Wal-Mart’s new checking account not the cheapest

Low-cost checking accounts

Wal-Mart is rolling out GoBank, a low-cost alternative to traditional checking accounts, but several national and local institutions already offer cheaper options. Here’s a comparison of estimated annual costs, based on monthly and overdraft fees:

Institution / Account / Monthly fee / Overdraft fee / Annual cost

Capital One / 360* Interest Checking / $0 / $0 / $0

American Express/Wal-Mart** / Bluebird / $0 / $0 / $0

Ally Bank* / Interest Checking / $0 / $9 / $27

Chase** / Chase Liquid / $4.95 / $0 / $59

Moven** / Moven / $5.95 / $0 / $71

Charles Schwab Bank* / Interest Checking / $0 / $25 / $75

Delta Community Credit Union / Checking / $0 / $25 / $85

USAA Federal Savings Bank / Secure Checking / $0 / $29 / $87

Bank of Atlanta / Free Checking / $0 / $30 / $90

Georgia’s Own Credit Union / All Access Checking / $0 / $30 / $90

Associated Credit Union / Basic Checking / $0 / $30 / $90

Fifth Third Bank / eAccess Account / $0 / $25 / $99

FNBO Direct* / Interest Checking / $0 / $33 / $99

First Citizens Bank & Trust / Free Checking / $0 / $35 / $105

United Community Bank / Golden Checking / $0 / $35 / $105

CDC Federal Credit Union / Simply Checking / $0 / $35 / $105

CornerstoneBank / Free Checking / $0 / $35 / $105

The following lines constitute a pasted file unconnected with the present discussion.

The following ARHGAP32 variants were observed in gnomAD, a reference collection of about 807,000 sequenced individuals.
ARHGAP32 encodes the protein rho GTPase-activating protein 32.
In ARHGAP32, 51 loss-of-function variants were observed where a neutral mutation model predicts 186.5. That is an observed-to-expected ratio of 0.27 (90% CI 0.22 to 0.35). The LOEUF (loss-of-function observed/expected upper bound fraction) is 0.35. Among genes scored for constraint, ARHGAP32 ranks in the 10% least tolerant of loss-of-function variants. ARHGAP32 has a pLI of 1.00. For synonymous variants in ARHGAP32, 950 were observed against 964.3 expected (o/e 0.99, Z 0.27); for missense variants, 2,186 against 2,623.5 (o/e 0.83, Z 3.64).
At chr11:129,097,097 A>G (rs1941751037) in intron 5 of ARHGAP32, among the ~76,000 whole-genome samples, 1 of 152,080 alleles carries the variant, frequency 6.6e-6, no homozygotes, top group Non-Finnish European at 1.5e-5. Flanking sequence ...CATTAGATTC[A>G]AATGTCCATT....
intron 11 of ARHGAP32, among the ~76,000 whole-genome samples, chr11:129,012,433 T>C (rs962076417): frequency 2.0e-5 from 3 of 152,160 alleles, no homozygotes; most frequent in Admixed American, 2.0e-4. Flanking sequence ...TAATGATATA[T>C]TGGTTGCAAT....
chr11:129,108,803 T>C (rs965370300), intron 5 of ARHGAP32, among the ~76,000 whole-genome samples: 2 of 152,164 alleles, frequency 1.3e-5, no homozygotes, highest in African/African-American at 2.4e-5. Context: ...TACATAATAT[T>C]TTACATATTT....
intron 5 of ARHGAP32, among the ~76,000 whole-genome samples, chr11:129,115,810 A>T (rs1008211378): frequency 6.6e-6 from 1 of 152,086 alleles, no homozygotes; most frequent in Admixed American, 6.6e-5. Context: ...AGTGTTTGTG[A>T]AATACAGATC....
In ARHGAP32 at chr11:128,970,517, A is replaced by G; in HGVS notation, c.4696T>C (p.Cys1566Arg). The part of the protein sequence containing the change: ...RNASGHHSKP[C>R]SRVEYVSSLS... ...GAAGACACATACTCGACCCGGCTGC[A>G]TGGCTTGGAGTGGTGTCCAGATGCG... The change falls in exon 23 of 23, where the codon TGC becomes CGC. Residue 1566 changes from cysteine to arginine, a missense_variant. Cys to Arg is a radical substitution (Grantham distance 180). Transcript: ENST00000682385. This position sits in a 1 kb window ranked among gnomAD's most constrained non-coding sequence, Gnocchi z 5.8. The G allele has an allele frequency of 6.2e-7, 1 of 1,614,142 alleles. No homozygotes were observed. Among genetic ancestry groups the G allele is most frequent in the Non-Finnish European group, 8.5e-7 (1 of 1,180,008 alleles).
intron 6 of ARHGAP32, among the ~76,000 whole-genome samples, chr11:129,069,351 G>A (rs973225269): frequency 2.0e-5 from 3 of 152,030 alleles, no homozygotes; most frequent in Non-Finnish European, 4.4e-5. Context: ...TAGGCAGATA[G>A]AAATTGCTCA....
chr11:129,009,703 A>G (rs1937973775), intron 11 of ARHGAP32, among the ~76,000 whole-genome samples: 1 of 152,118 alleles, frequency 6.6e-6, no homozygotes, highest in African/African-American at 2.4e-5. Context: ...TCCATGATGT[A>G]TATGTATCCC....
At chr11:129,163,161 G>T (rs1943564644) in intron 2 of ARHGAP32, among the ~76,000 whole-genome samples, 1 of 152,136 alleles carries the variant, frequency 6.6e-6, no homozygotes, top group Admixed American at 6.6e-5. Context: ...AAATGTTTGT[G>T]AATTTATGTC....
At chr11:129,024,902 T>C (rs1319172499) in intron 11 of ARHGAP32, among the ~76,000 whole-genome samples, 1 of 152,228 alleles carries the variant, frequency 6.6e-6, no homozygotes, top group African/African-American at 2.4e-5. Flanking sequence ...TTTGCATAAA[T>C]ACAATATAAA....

Wal-Mart/GreenDot** / GoBank / $8.95 / $0 / $107

Guaranty Bank / Free & Easy Checking / $0 / $37 / $111

Bank of the Ozarks / Free Checking / $4.95 / $35 / $164

Note: Estimates assume customers don’t maintain balances high enough to avoid monthly fees and have three overdrafts in a year.

* Online account

** Reloadable debit card

Source: FindABetterBank.com; Bankrate.com

Later this month Wal-Mart is rolling out a digital bank account it is billing as a cheaper, game-changing alternative to traditional checking accounts that almost anyone can qualify for.

Wal-Mart’s new offering, called GoBank, will allow customers to make payments using a debit card or their smartphone, with no minimum balance and no overdraft fees, compared with $35 for bounced checks at many banks. The account charges an $8.95 monthly fee unless customers make direct deposits each month of at least $500.

Wal-Mart is partnering with Pasadena, Calif.-based Green Dot, a prepaid debit card company, to offer the account.

However, The Atlanta Journal-Constitution took a look around and discovered that metro Atlantans have quite a few cheaper options for checking accounts, especially if they don’t bounce checks very often. In terms of annual costs, Wal-Mart’s new GoBank account ranked behind more than a dozen accounts offered nationally online or locally by several credit unions and banks.

“They’re probably going to find a cheaper option, provided they don’t overdraft the account,” said Mike Mercer, the chief executive of Georgia Credit Union Affiliates, a trade association for credit unions.